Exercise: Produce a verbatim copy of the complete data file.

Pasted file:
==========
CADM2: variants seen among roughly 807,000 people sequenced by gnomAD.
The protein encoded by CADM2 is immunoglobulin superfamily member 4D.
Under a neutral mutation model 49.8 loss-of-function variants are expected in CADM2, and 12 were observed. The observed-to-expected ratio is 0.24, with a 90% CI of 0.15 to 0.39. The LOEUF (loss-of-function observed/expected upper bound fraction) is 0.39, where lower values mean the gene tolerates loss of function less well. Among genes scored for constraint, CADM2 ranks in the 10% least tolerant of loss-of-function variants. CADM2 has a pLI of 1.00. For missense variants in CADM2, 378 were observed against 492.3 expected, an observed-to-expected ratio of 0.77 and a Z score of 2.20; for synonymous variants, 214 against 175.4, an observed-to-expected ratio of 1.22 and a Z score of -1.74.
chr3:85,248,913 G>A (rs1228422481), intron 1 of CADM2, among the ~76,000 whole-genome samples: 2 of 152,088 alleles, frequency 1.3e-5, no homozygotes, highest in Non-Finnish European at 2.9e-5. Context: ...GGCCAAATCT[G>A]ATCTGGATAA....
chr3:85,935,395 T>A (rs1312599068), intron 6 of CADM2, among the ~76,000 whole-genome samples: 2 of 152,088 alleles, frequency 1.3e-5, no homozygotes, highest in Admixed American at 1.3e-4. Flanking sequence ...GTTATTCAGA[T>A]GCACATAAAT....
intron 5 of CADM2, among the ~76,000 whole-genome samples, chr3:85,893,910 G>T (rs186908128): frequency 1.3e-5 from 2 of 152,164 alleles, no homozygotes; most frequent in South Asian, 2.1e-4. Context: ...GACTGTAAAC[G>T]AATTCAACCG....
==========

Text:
CADM2: variants seen among roughly 807,000 people sequenced by gnomAD.
The protein encoded by CADM2 is immunoglobulin superfamily member 4D.
Under a neutral mutation model 49.8 loss-of-function variants are expected in CADM2, and 12 were observed. The observed-to-expected ratio is 0.24, with a 90% CI of 0.15 to 0.39. The LOEUF (loss-of-function observed/expected upper bound fraction) is 0.39, where lower values mean the gene tolerates loss of function less well. Among genes scored for constraint, CADM2 ranks in the 10% least tolerant of loss-of-function variants. CADM2 has a pLI of 1.00. For missense variants in CADM2, 378 were observed against 492.3 expected, an observed-to-expected ratio of 0.77 and a Z score of 2.20; for synonymous variants, 214 against 175.4, an observed-to-expected ratio of 1.22 and a Z score of -1.74.
chr3:85,248,913 G>A (rs1228422481), intron 1 of CADM2, among the ~76,000 whole-genome samples: 2 of 152,088 alleles, frequency 1.3e-5, no homozygotes, highest in Non-Finnish European at 2.9e-5. Context: ...GGCCAAATCT[G>A]ATCTGGATAA....
chr3:85,935,395 T>A (rs1312599068), intron 6 of CADM2, among the ~76,000 whole-genome samples: 2 of 152,088 alleles, frequency 1.3e-5, no homozygotes, highest in Admixed American at 1.3e-4. Flanking sequence ...GTTATTCAGA[T>A]GCACATAAAT....
intron 5 of CADM2, among the ~76,000 whole-genome samples, chr3:85,893,910 G>T (rs186908128): frequency 1.3e-5 from 2 of 152,164 alleles, no homozygotes; most frequent in South Asian, 2.1e-4. Context: ...GACTGTAAAC[G>T]AATTCAACCG....